In Video Classes, Teachers Look For Clues to Student Wellbeing
(AP) — Christi Brouder had finally gotten her 10-year-old daughter settled on the hallway floor with a laptop and signed into a video class on Google Meet when the girl’s 6-year-old brother leaped over the computer screen “in his birthday suit” to get a juice box.
To Brouder’s surprise, a social worker from the Massachusetts Department of Children and Families called her later that day; someone had reported an adult male exposing himself during the class. That was followed by a visit from a police detective sent by the school to do an in-person wellness check.
Brouder explained that her son has epilepsy and autism and sometimes takes his clothes off to feel more comfortable and the inquiry ended there.
But the experience left the mother in the city of Haverhill incensed, and underscores the challenge on educators to make judgments based on fleeting scenes or sounds from a webcam.
“The teachers never asked to speak to me. Nobody said anything” during the class, Brouder said.
Child protection laws require school personnel, along with health care workers and other professionals, to report any suspicions of neglect or abuse. The coronavirus pandemic and virtual instruction have only raised the stakes; in the absence of daily in-person school and extracurriculars, a teacher’s video contact may offer the only window to spot potential problems in students’ lives.
Many school districts that are still providing classes online have asked teachers to be on the lookout in students’ backdrops for objects such as drug paraphernalia, caregivers who appear to be under the influence of drugs or alcohol, and children with injuries or poor hygiene or who are being demeaned regularly by adults. It can be a difficult call.
Advocates worried about a sharp drop in reported cases of possible child endangerment when the coronavirus shut down schools in the spring. Teachers and other professionals who came into contact with a child through their jobs made about two-thirds of the 4.3 million reports that U.S. child protection agencies received in 2018, federal data shows.
“We can view this as a real negative while kids aren’t in school, and that is true, but we can also look at it from the perspective of, we’ve never had this much inside access into a student’s home life,” said Chris Newlin, executive director of the National Children’s Advocacy Center.
The NCAC and others have issued guidelines to help teachers identify warning signs in unfamiliar settings, advising them to be alert for students who appear to be unsupervised and to pay attention to how students interact with others in the home.
In some cases, it’s what teachers don’t see that is alarming, particularly when students repeatedly miss virtual school.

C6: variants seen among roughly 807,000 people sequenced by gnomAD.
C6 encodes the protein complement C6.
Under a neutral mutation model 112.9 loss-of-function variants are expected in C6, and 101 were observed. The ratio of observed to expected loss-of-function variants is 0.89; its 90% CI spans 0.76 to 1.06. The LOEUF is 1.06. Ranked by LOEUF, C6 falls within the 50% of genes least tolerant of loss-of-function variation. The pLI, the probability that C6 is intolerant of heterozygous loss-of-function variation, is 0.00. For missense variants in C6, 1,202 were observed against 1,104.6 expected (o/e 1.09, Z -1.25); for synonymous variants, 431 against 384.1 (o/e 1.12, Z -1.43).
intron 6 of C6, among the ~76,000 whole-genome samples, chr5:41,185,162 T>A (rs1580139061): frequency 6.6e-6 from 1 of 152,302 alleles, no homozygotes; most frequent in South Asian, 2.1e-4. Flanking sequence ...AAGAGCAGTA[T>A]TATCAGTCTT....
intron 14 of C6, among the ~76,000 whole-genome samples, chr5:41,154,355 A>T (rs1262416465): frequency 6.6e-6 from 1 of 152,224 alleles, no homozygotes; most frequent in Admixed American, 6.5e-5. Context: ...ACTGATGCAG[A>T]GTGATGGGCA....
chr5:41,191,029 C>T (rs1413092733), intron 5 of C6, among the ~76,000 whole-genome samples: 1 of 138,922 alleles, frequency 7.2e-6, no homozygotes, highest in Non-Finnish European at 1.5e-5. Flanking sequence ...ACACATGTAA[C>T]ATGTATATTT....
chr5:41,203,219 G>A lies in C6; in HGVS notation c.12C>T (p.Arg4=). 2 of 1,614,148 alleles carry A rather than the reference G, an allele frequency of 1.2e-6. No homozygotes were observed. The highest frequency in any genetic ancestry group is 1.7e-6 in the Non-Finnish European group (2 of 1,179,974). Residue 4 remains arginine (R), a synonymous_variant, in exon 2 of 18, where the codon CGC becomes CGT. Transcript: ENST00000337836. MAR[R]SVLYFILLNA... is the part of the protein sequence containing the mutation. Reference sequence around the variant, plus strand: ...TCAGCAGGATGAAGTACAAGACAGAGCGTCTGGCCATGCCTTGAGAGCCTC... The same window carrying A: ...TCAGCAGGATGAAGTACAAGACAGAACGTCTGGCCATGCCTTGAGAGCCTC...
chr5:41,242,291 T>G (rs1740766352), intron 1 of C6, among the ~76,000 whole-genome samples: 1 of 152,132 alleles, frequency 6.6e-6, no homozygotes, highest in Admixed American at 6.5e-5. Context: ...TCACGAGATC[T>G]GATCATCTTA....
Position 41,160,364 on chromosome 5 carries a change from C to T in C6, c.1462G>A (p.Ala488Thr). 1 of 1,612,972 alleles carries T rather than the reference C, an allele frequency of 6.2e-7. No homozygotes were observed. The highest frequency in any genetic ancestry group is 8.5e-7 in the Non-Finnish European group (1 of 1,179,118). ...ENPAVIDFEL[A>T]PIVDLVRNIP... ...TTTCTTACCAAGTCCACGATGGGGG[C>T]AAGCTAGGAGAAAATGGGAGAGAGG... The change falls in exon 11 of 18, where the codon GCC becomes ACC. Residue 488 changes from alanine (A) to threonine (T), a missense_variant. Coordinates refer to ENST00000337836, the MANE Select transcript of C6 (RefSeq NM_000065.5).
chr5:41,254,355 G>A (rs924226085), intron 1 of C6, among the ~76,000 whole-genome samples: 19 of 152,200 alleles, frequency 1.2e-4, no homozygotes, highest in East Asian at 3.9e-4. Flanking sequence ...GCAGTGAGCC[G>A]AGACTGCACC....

The school system in Tulsa, Oklahoma asked local police to check on two girls, ages 5 and 8, who were given laptops but not logging in at class time. Officers found the sisters home alone and were there when the mother returned home intoxicated, police said. She was charged with child neglect.
Elsewhere, including in New York City and Massachusetts, parents have pushed back at educational neglect allegations reported against them because students have missed class too many times.
Educators should be reasonable but not shy away from reporting things that make them uneasy, said Wendy Rock, a former school counselor who now teaches at Southeastern Louisiana University.
“A parent yelling at a child is not abuse….This is a stressful time,” Rock said. “But if a teacher sees something that gives them the feeling that the child is in danger, at the very least they need to consult with the school counselor.”
A teacher at Warfield Elementary School in Martin County, Florida didn’t have time to sound a warning on the first day of school in August. Behind a 10-year-old girl attending class online, the teacher and other students heard a commotion unnerving enough that the teacher muted the girl’s audio.
The teacher saw the girl cover her ears before the child’s video window went blank. Investigators would later explain that a bullet had struck the student’s computer when her mother was fatally shot in front of the girl, her three siblings and her two cousins. The mother’s ex-boyfriend was charged with murder.
Edith Pride, an elementary school teacher in Boca Raton, Florida vented her frustration with the changing landscape during a recent school board meeting, drawing laughs even as she delivered a serious message.
“Parents, please make sure that you have on proper clothing when you are walking behind your child’s computer, because we’ve seen them in their drawers, their bras and everything else,” Pride said at the meeting. “Parents, when you are helping your children at their computer, please do not appear with big joints in your hands and cigarettes. Those joints be as big as cigars. Oh yeah, we’ve seen it all.”